In Saudi Arabia, Trump admits India is 'victim of terrorism'

Unlike Barack Obama, who exhorted Saudi Arabia "to share the neighbourhood with Iran", Mr Trump accepts... "And if you both are willing, we're going to make a deal". Drive them out of your holy land.

Trump, speaking in Saudi Arabia, urged Muslim nations to join the United States against killing innocent people in the name of religion and the failure to take a firm and united stand against terrorism. "A better future is only possible if your nations drive out the terrorists and drive out the extremists", Trump said during the address. "Drive out the extremists", Trump continued, "Drive them out of your places of worship".

In the first official reaction to the U.S. president's speech during the summit he held in Riyadh with leaders from 55 Arab and Islamic states, Zarif rejected allegations that Tehran exports and promotes terrorism and interferes in the internal affairs of its Arab neighbors. The president addressed over 50 Muslim leaders from across the world in Riyadh, during his first foreign trip since assuming office.

To be sure, Trump's predecessors have also forged close ties with Saudi Arabia, an important USA partner in the Middle East, and other nations with questionable human rights records.

Washington is leading a coalition battling I.S., a Sunni Muslim jihadist organization, in Syria and Iraq, and Trump said he would hold a press conference "in about two weeks" on how the faring in the battle.

At the beginning of the summit, King Salman said Riyadh had "had enough of its hostile practices and its interferences in Yemen and other countries in the region".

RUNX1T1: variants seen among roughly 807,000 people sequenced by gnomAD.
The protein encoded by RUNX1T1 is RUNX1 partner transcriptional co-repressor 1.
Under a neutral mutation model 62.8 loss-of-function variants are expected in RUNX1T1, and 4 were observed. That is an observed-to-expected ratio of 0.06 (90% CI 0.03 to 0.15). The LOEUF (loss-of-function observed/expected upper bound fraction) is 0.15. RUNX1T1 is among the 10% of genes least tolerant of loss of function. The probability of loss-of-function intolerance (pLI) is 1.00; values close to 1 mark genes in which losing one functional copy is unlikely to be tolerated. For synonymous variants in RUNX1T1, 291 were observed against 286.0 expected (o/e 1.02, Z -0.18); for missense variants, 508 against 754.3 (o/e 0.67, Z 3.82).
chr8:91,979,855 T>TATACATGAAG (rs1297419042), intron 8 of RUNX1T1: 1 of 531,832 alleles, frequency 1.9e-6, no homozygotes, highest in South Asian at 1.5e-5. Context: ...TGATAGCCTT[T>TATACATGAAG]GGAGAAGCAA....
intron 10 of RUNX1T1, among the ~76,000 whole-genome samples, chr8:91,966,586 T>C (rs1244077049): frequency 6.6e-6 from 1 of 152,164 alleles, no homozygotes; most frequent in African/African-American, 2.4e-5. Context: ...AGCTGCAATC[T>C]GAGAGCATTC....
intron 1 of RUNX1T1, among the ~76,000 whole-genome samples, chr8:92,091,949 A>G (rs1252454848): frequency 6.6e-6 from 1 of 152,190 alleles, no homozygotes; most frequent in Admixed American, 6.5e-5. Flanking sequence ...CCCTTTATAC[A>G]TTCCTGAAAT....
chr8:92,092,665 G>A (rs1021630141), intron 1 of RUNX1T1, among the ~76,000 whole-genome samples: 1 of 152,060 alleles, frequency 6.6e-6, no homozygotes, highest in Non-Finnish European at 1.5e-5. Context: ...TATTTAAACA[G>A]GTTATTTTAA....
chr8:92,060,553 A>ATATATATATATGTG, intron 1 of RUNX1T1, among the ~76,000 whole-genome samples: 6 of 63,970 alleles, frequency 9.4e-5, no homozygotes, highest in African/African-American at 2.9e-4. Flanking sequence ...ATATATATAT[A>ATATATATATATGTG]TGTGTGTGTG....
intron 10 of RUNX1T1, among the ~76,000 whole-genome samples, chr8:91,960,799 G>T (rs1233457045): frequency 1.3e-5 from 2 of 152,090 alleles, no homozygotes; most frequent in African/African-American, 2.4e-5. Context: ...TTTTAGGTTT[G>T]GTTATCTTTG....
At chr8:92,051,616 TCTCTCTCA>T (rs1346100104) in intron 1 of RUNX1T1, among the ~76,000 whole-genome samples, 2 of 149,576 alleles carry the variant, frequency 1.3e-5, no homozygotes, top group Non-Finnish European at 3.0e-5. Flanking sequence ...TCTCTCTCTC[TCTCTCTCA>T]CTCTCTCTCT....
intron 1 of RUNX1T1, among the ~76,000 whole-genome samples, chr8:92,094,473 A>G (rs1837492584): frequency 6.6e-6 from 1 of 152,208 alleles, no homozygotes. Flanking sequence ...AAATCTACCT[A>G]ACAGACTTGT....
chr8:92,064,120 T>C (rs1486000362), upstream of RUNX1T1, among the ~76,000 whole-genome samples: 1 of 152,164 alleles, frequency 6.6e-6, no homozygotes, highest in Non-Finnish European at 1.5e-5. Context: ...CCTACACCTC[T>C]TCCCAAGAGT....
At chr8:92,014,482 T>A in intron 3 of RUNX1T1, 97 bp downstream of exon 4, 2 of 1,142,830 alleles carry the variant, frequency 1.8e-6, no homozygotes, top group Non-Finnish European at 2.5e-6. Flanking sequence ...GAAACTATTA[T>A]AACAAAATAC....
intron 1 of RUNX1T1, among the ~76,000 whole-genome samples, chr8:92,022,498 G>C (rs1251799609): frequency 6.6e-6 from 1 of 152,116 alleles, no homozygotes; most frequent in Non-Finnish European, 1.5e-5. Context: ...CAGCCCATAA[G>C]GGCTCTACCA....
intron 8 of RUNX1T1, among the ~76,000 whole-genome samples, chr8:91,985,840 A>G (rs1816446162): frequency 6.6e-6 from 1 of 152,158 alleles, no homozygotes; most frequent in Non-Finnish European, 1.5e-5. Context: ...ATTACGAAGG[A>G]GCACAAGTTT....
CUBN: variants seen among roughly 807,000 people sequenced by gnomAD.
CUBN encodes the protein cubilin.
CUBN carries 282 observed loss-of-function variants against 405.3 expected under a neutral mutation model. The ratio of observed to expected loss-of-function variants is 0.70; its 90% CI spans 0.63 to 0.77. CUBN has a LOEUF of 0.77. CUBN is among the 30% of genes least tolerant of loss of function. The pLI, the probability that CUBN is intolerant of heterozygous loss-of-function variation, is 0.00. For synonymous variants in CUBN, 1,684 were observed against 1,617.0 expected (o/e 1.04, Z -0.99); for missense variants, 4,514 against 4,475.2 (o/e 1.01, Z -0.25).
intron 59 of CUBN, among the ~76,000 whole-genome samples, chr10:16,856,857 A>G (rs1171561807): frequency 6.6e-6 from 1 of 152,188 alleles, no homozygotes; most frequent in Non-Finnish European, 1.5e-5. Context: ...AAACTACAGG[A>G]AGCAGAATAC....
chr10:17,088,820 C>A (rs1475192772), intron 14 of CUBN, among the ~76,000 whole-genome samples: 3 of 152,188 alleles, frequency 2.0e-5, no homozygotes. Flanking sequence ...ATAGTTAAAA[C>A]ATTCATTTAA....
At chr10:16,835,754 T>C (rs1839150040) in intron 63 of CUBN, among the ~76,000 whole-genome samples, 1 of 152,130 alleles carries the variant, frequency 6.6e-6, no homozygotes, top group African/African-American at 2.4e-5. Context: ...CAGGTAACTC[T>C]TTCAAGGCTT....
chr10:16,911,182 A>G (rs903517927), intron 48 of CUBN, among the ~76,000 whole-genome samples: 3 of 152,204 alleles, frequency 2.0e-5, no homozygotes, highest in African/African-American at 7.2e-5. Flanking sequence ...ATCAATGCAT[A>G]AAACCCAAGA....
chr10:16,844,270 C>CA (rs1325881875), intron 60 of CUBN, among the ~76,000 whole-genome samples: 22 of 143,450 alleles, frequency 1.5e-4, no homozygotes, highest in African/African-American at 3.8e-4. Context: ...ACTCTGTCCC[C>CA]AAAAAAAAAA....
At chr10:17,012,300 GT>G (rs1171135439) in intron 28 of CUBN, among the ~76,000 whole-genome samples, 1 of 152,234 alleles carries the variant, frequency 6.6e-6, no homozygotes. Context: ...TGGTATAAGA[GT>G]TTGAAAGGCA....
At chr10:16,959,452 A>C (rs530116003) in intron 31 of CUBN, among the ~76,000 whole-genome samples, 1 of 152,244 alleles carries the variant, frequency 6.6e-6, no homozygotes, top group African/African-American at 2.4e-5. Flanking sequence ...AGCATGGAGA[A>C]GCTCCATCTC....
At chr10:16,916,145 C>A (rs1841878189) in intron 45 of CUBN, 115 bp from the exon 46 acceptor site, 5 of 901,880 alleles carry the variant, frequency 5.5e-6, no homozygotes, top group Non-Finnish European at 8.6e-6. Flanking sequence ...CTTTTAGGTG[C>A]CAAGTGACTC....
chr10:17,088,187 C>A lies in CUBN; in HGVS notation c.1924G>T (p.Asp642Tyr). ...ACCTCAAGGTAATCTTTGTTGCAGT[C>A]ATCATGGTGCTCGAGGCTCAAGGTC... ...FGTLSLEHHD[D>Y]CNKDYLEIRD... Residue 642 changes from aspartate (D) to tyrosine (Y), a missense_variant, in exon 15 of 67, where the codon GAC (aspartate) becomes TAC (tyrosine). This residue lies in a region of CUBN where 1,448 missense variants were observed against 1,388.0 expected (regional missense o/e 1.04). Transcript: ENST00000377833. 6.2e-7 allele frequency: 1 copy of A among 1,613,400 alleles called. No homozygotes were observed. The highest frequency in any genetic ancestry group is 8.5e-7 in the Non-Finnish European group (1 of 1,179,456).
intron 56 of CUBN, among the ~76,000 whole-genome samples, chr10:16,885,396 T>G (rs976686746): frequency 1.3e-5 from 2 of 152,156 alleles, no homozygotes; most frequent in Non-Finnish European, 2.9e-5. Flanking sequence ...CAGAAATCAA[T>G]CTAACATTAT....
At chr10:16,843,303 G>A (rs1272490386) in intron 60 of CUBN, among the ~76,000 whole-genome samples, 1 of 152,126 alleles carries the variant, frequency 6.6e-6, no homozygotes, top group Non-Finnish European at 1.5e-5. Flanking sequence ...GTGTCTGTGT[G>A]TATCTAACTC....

Makdisi pointed out that Trump equated Hezbollah, a Lebanese political and military group made up mostly of Shia Muslims, with ISIS and al Qaeda. "Or is it to fight terrorism and to fight an extreme form of Islam?" He called Iran "a government that speaks openly of mass murder, vowing the destruction of Israel, death to America, and ruin for many leaders and nations in this room..."

Trump gave his speech in Saudi Arabia, where he ditched his hard-line rhetoric from the 2016 election campaign and instead called Islam "one of the world's great faiths".

He noted that Trump on Saturday signed a $110 billion arms deal with Saudi Arabia, a key goal of the visit. Words really matter, however, and especially in the Middle East.

As a candidate, Trump proposed temporarily banning Muslims from entering the United States.

One speech can not change Arab or Muslim perceptions of the president or the an ally.

The second point, in keeping with his "America First" platform, is the imperative on Middle Eastern nations to take the lead in stamping out this threat.

  • Leroy Wright